He was returning with his wife from Vaishno Devi when he got a call from his seniors, informing him of five serial blasts in Delhi markets on September 13, 2008. Alok Kumar, the then DCP (special cell), was asked to rush to the capital. Within six days, he and his team had cracked the case. But it wasn’t without an immense professional loss for Kumar, who retired last month as JCP (crime branch).
A day after the blast, he immediately went to his office at Lodhi Colony.
Kumar, who was heading a specialised terror unit of Delhi Police, said, “We were working on the Indian Mujahideen module after they claimed responsibility for the earlier blasts… Within 72 hours we traced some suspects to Zakir Nagar in Batla House,” he said.
Kumar said that after a wait of three days, they decided to conduct a raid in Batla House on September 19, 2008. “The decision was taken at around 1 am — 10 hours before the encounter,” he said.
During the encounter, an inspector was shot dead and another policeman was shot. “It was the biggest loss, not only for my unit, but also for Delhi Police as slain inspector Mohan Chand Sharma was a key asset. Life changed for me when a complaint was filed by terrorist Atif’s family, alleging that I had killed Sharma. After the incident, an enquiry was on and my team and I were not not able to focus on work. But my department and my family supported me.”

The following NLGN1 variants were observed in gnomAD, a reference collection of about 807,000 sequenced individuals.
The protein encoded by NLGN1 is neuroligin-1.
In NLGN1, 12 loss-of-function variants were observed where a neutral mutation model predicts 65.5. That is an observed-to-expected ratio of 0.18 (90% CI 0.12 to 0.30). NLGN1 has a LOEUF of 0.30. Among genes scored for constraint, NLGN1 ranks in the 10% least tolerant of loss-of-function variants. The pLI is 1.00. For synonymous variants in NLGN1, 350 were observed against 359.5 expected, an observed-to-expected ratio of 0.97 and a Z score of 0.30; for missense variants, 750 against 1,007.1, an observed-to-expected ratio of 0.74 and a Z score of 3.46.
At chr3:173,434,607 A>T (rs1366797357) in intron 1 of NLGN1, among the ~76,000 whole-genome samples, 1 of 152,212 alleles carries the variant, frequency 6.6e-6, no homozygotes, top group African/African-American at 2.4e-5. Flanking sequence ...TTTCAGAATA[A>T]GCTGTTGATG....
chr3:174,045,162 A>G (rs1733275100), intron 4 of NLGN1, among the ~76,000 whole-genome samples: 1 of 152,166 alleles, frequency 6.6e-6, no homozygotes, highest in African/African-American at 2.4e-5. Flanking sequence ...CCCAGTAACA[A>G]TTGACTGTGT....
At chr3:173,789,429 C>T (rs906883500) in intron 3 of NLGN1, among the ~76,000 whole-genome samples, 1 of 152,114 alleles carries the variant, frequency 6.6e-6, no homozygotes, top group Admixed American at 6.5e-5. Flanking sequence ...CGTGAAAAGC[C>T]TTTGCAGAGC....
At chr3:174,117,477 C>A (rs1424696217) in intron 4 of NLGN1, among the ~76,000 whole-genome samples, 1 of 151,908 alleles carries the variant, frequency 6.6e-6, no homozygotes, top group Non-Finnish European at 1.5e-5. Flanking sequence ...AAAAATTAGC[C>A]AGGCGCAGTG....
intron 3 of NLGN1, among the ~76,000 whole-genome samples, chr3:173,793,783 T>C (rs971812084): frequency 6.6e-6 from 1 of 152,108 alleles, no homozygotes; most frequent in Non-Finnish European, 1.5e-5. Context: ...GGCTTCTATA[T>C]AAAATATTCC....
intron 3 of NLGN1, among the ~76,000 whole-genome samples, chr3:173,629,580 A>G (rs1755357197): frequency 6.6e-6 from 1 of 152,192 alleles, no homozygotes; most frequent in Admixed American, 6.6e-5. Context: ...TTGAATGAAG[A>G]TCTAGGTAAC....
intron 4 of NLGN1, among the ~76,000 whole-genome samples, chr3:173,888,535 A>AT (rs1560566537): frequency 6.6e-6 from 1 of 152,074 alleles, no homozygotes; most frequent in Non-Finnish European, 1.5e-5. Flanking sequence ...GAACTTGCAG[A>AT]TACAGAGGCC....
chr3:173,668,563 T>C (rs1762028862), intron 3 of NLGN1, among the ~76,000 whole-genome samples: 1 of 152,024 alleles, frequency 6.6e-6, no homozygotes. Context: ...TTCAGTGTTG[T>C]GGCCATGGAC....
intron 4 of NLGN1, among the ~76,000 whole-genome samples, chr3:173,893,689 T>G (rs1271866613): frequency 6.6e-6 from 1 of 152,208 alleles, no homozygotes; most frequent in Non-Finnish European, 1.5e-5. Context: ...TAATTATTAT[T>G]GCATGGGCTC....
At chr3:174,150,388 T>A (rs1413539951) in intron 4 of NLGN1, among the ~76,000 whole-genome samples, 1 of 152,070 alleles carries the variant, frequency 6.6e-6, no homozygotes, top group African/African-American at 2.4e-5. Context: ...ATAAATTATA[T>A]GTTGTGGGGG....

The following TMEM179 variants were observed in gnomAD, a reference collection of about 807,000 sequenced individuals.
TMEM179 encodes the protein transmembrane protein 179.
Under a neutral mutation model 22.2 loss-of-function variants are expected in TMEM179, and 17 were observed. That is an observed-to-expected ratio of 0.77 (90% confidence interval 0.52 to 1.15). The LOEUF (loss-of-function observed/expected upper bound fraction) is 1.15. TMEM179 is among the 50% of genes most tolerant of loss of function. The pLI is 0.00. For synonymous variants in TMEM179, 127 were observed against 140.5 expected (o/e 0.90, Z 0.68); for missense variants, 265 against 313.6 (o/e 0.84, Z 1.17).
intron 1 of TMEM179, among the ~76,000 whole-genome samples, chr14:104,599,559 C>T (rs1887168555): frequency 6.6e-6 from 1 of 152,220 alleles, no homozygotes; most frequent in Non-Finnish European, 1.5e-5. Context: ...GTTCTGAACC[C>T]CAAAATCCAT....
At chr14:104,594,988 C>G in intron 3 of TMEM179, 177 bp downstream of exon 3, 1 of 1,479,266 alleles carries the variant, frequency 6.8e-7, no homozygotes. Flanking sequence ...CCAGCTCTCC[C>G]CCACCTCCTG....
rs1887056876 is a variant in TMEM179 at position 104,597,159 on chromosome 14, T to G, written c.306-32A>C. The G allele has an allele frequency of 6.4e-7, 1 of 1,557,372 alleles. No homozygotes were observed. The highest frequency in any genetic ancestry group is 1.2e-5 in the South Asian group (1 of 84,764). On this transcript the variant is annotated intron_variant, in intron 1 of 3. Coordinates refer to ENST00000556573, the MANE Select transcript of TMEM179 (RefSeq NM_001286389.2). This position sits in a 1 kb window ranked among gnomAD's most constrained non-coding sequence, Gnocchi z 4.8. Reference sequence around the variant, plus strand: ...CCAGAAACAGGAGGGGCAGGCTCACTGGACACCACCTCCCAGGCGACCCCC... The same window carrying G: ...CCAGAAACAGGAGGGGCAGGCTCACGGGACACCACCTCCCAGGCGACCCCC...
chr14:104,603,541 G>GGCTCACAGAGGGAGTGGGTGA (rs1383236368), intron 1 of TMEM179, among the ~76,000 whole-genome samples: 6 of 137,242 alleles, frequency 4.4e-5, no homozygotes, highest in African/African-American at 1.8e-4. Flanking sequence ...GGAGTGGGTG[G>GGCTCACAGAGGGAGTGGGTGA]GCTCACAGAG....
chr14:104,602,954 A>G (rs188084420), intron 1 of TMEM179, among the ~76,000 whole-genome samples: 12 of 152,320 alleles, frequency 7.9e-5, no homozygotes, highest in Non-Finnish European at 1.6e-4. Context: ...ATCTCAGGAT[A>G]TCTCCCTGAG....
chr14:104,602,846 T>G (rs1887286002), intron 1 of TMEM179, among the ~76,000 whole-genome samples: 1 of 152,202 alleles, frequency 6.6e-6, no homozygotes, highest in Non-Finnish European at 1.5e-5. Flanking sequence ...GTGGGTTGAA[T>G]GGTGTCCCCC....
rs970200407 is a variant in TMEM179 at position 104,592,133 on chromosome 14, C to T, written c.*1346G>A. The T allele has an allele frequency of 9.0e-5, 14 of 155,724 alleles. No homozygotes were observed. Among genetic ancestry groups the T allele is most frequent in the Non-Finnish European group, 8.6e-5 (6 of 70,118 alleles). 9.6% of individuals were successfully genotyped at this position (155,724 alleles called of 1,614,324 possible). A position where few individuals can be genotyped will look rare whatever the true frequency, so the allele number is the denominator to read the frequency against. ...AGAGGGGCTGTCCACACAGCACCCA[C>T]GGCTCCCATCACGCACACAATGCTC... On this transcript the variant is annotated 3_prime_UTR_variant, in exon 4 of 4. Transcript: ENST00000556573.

Just before retirement, Kumar, who finished 33 years in the force, handled the Burari mass suicide.
Speaking about how trends in crime have changed in the city, Kumar said that nowadays, even educated people have started committing crimes like duping people. “Earlier, we would see cheating by making forged documents but now the accused adopt the latest technology,” he added.
Kumar also recalled a particularly tough time for the capital: “In the 1990s, the whole city was terrorised by the ‘Pardi and Bawariya gang’, which committed several robberies and murders. We had to start special night patrolling to prevent untoward incidents.”
The first high profile he handled was the murder of Naina Sahni, which came to be known as the tandoor murder case. At the time, he was posted as the ACP of Connaught Place. He was also part of a team that cracked the kidnapping case of Tarun Puri, the 10-year-old son of a Delhi-based businessman who was abducted at gunpoint from outside his home at Golf Links in 1997.
Kumar said the aftermath of the Batla House encounter took such a toll that the Special Cell took two-three years to resume functioning at an optimum level. “Things always changed after every major incident. Initially they were not able to revive, but over a period of time, they have again started working and showing
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